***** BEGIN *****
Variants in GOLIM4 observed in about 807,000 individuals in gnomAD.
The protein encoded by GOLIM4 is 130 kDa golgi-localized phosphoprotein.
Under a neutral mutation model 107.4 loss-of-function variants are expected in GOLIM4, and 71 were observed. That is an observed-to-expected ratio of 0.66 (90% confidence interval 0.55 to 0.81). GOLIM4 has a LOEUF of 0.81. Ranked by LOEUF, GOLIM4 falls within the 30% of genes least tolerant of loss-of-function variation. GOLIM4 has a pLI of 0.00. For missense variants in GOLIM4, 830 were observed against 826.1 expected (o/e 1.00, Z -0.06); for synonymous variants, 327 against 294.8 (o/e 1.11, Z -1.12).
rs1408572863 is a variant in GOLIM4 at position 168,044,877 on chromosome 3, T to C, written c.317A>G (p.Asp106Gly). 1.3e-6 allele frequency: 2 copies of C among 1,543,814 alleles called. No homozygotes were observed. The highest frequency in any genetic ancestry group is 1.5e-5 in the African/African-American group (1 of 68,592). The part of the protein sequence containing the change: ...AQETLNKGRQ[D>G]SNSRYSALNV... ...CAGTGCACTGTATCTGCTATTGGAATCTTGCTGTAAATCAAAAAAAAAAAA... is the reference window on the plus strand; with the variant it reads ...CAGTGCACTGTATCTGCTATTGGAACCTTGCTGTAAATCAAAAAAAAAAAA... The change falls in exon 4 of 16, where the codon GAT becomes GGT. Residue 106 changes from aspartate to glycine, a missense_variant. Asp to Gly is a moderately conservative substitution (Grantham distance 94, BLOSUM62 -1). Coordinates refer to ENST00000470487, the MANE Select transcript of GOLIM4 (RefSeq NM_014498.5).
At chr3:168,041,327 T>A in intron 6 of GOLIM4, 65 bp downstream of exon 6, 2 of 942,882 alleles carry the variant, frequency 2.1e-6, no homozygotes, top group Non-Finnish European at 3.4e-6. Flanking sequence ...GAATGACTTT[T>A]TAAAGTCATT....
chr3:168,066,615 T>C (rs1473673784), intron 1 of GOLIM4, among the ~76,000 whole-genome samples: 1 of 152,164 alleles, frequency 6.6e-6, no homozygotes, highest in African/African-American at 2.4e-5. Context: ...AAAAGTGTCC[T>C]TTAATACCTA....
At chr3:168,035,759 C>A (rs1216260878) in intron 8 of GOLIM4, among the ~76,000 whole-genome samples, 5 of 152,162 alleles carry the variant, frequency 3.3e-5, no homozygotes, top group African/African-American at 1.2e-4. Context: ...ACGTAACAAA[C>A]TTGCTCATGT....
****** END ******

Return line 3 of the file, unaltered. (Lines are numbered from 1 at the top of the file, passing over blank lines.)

Under a neutral mutation model 107.4 loss-of-function variants are expected in GOLIM4, and 71 were observed. That is an observed-to-expected ratio of 0.66 (90% confidence interval 0.55 to 0.81). GOLIM4 has a LOEUF of 0.81. Ranked by LOEUF, GOLIM4 falls within the 30% of genes least tolerant of loss-of-function variation. GOLIM4 has a pLI of 0.00. For missense variants in GOLIM4, 830 were observed against 826.1 expected (o/e 1.00, Z -0.06); for synonymous variants, 327 against 294.8 (o/e 1.11, Z -1.12).